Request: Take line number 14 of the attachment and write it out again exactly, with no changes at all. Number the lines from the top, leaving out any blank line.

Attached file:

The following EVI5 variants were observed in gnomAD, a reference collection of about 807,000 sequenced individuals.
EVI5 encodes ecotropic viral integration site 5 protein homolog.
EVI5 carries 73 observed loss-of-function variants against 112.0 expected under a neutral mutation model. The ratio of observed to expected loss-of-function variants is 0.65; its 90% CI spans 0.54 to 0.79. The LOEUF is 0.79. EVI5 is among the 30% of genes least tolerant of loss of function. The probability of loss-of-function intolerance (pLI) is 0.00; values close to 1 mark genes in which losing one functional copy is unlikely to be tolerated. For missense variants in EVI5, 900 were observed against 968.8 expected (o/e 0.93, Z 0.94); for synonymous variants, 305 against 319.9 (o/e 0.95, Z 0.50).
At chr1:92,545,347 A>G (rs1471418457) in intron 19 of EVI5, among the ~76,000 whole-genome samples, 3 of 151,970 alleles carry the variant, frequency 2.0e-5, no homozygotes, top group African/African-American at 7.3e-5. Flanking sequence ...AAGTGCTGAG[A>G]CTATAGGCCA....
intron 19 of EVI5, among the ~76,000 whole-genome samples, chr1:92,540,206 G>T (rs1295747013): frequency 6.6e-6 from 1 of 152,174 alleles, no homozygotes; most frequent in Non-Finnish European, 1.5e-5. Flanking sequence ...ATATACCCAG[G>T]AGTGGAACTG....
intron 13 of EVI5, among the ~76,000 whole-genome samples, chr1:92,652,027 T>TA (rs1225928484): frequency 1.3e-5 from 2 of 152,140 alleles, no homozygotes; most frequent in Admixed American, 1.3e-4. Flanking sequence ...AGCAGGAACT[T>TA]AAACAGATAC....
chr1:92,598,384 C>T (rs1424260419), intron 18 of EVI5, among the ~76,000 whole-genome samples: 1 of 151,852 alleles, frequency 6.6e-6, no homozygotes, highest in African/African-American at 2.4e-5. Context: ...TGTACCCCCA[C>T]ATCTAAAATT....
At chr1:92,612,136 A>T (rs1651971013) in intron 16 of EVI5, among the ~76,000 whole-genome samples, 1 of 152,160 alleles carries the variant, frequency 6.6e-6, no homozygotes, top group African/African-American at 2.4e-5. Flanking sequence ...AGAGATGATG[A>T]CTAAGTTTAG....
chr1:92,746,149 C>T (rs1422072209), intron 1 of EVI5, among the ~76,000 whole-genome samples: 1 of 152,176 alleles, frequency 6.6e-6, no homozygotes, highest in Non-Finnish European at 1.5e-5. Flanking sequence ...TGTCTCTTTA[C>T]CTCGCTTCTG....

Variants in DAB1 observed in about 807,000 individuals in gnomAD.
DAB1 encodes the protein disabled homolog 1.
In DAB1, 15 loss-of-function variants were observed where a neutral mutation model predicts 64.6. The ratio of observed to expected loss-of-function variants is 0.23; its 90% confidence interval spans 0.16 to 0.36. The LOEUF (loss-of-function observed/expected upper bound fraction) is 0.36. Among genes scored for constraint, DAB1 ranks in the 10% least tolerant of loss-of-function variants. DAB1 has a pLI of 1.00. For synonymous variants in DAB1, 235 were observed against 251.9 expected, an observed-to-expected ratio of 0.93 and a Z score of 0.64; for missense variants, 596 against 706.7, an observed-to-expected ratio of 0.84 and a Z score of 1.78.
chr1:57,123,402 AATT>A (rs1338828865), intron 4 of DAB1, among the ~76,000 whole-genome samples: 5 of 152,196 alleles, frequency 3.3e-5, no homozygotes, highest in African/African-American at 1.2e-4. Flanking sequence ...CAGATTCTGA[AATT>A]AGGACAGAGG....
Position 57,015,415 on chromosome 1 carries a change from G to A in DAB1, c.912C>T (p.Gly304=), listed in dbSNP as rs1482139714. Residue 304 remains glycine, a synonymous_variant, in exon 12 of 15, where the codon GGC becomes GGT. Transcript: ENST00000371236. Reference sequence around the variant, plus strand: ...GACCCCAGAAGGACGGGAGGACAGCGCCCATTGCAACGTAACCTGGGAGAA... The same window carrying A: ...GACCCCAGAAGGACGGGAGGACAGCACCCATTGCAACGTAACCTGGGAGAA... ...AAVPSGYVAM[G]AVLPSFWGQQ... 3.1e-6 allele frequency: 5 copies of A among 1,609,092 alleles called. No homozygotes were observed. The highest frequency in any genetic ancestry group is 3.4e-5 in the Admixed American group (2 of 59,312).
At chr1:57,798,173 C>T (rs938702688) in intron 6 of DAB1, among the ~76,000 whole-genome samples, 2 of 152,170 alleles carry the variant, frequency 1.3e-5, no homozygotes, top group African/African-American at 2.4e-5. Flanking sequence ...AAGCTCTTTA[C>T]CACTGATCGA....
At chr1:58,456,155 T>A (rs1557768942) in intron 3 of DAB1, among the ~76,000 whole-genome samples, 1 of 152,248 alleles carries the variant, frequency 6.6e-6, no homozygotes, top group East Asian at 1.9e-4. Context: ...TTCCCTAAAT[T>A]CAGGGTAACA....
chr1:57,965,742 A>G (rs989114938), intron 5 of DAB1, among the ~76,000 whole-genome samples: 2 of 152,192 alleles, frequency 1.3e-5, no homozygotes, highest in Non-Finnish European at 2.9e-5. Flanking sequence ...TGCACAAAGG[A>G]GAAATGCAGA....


Position 57,015,415 on chromosome 1 carries a change from G to A in DAB1, c.912C>T (p.Gly304=), listed in dbSNP as rs1482139714. Residue 304 remains glycine, a synonymous_variant, in exon 12 of 15, where the codon GGC becomes GGT. Transcript: ENST00000371236. Reference sequence around the variant, plus strand: ...GACCCCAGAAGGACGGGAGGACAGCGCCCATTGCAACGTAACCTGGGAGAA... The same window carrying A: ...GACCCCAGAAGGACGGGAGGACAGCACCCATTGCAACGTAACCTGGGAGAA... ...AAVPSGYVAM[G]AVLPSFWGQQ... 3.1e-6 allele frequency: 5 copies of A among 1,609,092 alleles called. No homozygotes were observed. The highest frequency in any genetic ancestry group is 3.4e-5 in the Admixed American group (2 of 59,312).